He's not your average parish priest: Father Cesar fronts the "Sinners" metal band, has a major record deal and jokes that he opens for the pope, a close pal.
Pope "Francis has rock inside him because rock is all about breaking down structures," quipped Cesar Scicchitano, an assistant priest in a neighborhood of Buenos Aires, the pontiff's hometown.
Known as the "rocker priest" in Argentina, Scicchitano and Francis have been friends for almost two decades, sharing a tight bond the musician likened to a father-son relationship.
Scicchitano said he recently received a letter from the pope, who just wrapped up a landmark visit to Brazil, urging him "to keep rocking, and reinforce his message from onstage."
Music, for Father Cesar, is an intricate part of life and fath.
"Faith without music is like a movie without music: boring," he said, arguing that "Jesus was a rocker because of the hard core toughness he had. He had to get up on that cross and take it."
"I am a musician who happens to be a priest," said the churchman whose sartorial style befits his rocker's edge: he dons a leather jacket over his cassock, as well as sneakers and funky glasses.
"So after saying mass, or performing a baptism, I go out and play in bars, do shows and go on tour with my band," the 49-year-old added.
Father Cesar and the "Sinners" (or "Pecadores" in Spanish) have crisscrossed Argentina, playing gigs at heavy metal festivals -- but also at schools and churches.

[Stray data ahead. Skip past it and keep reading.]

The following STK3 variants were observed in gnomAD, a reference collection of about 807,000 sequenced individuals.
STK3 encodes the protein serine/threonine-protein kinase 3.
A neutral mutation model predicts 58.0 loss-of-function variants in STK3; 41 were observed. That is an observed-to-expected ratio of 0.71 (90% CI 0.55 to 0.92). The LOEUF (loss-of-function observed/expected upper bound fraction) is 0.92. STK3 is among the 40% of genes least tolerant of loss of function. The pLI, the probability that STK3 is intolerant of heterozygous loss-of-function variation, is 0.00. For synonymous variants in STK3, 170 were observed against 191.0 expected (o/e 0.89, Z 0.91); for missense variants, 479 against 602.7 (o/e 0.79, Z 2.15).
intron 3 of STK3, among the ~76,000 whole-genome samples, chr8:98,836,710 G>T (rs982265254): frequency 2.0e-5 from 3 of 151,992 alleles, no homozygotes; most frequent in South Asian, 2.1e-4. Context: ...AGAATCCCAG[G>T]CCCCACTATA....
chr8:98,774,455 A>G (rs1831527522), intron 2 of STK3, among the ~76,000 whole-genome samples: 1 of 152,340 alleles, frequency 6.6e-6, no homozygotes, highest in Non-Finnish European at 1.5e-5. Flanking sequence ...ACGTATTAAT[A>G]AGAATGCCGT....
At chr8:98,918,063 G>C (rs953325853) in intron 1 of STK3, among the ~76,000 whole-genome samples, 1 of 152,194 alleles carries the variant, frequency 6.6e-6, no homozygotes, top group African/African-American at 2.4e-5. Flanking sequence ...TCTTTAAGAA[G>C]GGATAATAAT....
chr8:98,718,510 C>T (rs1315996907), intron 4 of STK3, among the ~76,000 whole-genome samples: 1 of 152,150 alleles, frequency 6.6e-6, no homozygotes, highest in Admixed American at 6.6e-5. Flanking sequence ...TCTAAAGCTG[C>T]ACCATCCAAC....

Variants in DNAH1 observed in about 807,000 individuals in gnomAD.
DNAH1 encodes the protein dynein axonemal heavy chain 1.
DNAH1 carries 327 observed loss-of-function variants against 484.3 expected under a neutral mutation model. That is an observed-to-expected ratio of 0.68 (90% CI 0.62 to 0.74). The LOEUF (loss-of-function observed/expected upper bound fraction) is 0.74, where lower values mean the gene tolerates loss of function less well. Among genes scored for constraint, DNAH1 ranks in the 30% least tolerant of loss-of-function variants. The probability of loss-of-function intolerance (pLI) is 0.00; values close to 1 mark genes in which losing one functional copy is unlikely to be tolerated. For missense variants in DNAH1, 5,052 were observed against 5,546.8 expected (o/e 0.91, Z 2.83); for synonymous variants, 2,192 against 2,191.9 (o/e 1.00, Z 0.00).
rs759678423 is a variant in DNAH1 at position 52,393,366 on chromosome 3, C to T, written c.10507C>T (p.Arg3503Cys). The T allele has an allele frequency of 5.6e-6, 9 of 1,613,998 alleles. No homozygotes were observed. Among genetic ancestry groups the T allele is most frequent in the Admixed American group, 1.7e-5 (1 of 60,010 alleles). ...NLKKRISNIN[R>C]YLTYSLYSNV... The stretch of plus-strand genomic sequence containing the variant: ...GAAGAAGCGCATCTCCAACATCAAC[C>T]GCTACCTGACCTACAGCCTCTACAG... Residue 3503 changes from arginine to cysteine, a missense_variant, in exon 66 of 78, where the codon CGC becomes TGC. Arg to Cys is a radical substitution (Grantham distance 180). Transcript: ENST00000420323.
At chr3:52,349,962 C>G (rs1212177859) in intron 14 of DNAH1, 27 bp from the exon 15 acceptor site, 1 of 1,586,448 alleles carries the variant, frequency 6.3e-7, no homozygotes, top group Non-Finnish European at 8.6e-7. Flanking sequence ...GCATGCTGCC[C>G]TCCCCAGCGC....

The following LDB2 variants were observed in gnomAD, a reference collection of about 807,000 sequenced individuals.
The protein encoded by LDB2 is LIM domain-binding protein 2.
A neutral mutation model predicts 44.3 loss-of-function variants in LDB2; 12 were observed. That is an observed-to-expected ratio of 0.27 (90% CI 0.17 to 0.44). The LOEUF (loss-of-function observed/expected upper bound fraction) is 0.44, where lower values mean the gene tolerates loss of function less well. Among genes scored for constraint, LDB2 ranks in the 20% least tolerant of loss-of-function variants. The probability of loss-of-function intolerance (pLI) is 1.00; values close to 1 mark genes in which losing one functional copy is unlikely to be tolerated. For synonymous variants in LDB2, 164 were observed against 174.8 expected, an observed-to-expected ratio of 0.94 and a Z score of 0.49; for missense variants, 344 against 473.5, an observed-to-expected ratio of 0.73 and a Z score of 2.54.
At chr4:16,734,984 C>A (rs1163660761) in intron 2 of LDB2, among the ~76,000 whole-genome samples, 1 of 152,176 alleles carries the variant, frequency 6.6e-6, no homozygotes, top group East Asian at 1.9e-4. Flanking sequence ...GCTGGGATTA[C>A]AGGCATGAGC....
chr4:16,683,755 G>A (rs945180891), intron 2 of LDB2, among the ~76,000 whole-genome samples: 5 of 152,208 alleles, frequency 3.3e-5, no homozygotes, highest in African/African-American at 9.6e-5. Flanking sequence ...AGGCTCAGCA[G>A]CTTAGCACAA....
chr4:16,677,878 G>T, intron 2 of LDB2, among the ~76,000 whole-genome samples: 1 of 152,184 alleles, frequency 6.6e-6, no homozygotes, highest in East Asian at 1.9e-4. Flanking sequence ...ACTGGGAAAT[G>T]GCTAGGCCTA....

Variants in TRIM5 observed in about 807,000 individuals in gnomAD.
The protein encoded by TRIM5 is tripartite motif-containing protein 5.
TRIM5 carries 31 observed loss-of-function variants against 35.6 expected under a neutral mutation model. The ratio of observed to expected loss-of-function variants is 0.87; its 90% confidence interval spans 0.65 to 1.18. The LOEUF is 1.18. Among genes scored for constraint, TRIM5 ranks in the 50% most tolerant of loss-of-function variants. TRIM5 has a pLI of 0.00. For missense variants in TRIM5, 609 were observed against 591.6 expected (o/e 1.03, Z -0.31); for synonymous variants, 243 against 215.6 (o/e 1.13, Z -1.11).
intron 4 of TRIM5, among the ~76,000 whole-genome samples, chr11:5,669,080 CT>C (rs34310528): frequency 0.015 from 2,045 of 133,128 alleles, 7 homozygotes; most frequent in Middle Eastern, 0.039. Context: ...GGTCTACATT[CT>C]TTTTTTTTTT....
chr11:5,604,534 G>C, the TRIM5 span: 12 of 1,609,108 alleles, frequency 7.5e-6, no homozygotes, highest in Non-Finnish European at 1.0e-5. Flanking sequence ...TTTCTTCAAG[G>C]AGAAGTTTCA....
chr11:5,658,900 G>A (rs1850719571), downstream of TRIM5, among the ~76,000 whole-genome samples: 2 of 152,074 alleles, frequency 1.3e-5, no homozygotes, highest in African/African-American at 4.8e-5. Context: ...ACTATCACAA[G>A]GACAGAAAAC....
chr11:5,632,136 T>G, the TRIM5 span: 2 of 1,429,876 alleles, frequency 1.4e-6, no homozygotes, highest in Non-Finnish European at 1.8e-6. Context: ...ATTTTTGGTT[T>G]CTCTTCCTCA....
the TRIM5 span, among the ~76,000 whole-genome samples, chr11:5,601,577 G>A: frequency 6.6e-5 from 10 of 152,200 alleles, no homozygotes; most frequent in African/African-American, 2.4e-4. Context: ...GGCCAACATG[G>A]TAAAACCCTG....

"We are all metalheads," he said of his band mates, recalling that even the pontiff, in his former role, used to ask them to perform at many of his masses.
"We are the pope's official opening act," he joked.
They have also opened for other big shows, before thousands of fans, who went wild over their hit "I want a Latin American pope."
Written two years before Jorge Bergoglio was picked to lead the Roman Catholic church, that piece turned out to be providential.
"I also wrote a song about prostitutes at Bergoglio's request because he wanted to touch on the issue given his commitment to fighting human trafficking," Scicchitano said.
As Archbishop of Buenos Aires, Francis saw his young rocker friend build up a string of successes, including 18 albums that run the gamut from rock and blues to carols and hymns.
"Once I showed him a picture of myself for a CD cover, dressed in leather and astride a Harley," Father Cesar recalled.
"He just looked at it and looked at me and said "OOOh, my God!" he added with a rollicking laugh.
During his week-long visit to Brazil, Pope Francis urged youngsters to stir things up in their home parishes.
"Rock is how I stir things up in parishes," noted Scicchitano. "It's how I break down people's ideas of things."
And now the pontiff "is stirring things up in the Vatican in his own way," he added.